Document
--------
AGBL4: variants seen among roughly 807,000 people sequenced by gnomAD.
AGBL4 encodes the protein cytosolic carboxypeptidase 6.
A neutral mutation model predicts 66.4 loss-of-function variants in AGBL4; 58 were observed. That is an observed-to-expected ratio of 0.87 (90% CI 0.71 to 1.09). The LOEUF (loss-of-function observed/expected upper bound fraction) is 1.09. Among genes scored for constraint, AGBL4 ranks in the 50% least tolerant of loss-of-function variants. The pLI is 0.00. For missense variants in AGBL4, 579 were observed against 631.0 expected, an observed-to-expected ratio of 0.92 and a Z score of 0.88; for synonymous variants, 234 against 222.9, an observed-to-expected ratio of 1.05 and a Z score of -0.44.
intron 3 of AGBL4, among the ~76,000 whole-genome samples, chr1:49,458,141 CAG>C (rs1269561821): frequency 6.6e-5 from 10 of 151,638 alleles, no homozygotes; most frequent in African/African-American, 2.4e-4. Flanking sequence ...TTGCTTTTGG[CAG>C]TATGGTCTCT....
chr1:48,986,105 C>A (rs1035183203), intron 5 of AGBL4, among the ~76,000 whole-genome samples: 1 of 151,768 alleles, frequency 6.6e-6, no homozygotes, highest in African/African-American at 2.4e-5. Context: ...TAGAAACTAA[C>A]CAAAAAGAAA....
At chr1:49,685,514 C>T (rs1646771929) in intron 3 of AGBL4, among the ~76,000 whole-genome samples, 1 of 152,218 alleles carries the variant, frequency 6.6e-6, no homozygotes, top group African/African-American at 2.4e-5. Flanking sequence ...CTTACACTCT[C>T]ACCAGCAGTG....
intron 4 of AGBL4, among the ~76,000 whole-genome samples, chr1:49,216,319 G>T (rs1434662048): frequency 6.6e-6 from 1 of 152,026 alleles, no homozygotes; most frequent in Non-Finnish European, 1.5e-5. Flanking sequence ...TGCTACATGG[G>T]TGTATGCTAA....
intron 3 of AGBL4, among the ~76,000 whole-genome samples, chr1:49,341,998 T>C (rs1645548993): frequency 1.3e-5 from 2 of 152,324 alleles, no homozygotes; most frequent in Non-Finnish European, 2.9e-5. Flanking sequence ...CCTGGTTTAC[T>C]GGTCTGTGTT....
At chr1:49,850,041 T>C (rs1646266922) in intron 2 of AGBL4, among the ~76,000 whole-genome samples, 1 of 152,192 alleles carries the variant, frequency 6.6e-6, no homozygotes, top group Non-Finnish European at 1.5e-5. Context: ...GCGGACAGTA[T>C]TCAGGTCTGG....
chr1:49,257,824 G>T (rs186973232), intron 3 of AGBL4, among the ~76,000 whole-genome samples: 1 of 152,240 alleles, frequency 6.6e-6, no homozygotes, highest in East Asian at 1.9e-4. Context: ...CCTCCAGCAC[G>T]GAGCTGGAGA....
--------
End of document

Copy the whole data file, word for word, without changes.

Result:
AGBL4: variants seen among roughly 807,000 people sequenced by gnomAD.
AGBL4 encodes the protein cytosolic carboxypeptidase 6.
A neutral mutation model predicts 66.4 loss-of-function variants in AGBL4; 58 were observed. That is an observed-to-expected ratio of 0.87 (90% CI 0.71 to 1.09). The LOEUF (loss-of-function observed/expected upper bound fraction) is 1.09. Among genes scored for constraint, AGBL4 ranks in the 50% least tolerant of loss-of-function variants. The pLI is 0.00. For missense variants in AGBL4, 579 were observed against 631.0 expected, an observed-to-expected ratio of 0.92 and a Z score of 0.88; for synonymous variants, 234 against 222.9, an observed-to-expected ratio of 1.05 and a Z score of -0.44.
intron 3 of AGBL4, among the ~76,000 whole-genome samples, chr1:49,458,141 CAG>C (rs1269561821): frequency 6.6e-5 from 10 of 151,638 alleles, no homozygotes; most frequent in African/African-American, 2.4e-4. Flanking sequence ...TTGCTTTTGG[CAG>C]TATGGTCTCT....
chr1:48,986,105 C>A (rs1035183203), intron 5 of AGBL4, among the ~76,000 whole-genome samples: 1 of 151,768 alleles, frequency 6.6e-6, no homozygotes, highest in African/African-American at 2.4e-5. Context: ...TAGAAACTAA[C>A]CAAAAAGAAA....
At chr1:49,685,514 C>T (rs1646771929) in intron 3 of AGBL4, among the ~76,000 whole-genome samples, 1 of 152,218 alleles carries the variant, frequency 6.6e-6, no homozygotes, top group African/African-American at 2.4e-5. Flanking sequence ...CTTACACTCT[C>T]ACCAGCAGTG....
intron 4 of AGBL4, among the ~76,000 whole-genome samples, chr1:49,216,319 G>T (rs1434662048): frequency 6.6e-6 from 1 of 152,026 alleles, no homozygotes; most frequent in Non-Finnish European, 1.5e-5. Flanking sequence ...TGCTACATGG[G>T]TGTATGCTAA....
intron 3 of AGBL4, among the ~76,000 whole-genome samples, chr1:49,341,998 T>C (rs1645548993): frequency 1.3e-5 from 2 of 152,324 alleles, no homozygotes; most frequent in Non-Finnish European, 2.9e-5. Flanking sequence ...CCTGGTTTAC[T>C]GGTCTGTGTT....
At chr1:49,850,041 T>C (rs1646266922) in intron 2 of AGBL4, among the ~76,000 whole-genome samples, 1 of 152,192 alleles carries the variant, frequency 6.6e-6, no homozygotes, top group Non-Finnish European at 1.5e-5. Context: ...GCGGACAGTA[T>C]TCAGGTCTGG....
chr1:49,257,824 G>T (rs186973232), intron 3 of AGBL4, among the ~76,000 whole-genome samples: 1 of 152,240 alleles, frequency 6.6e-6, no homozygotes, highest in East Asian at 1.9e-4. Context: ...CCTCCAGCAC[G>T]GAGCTGGAGA....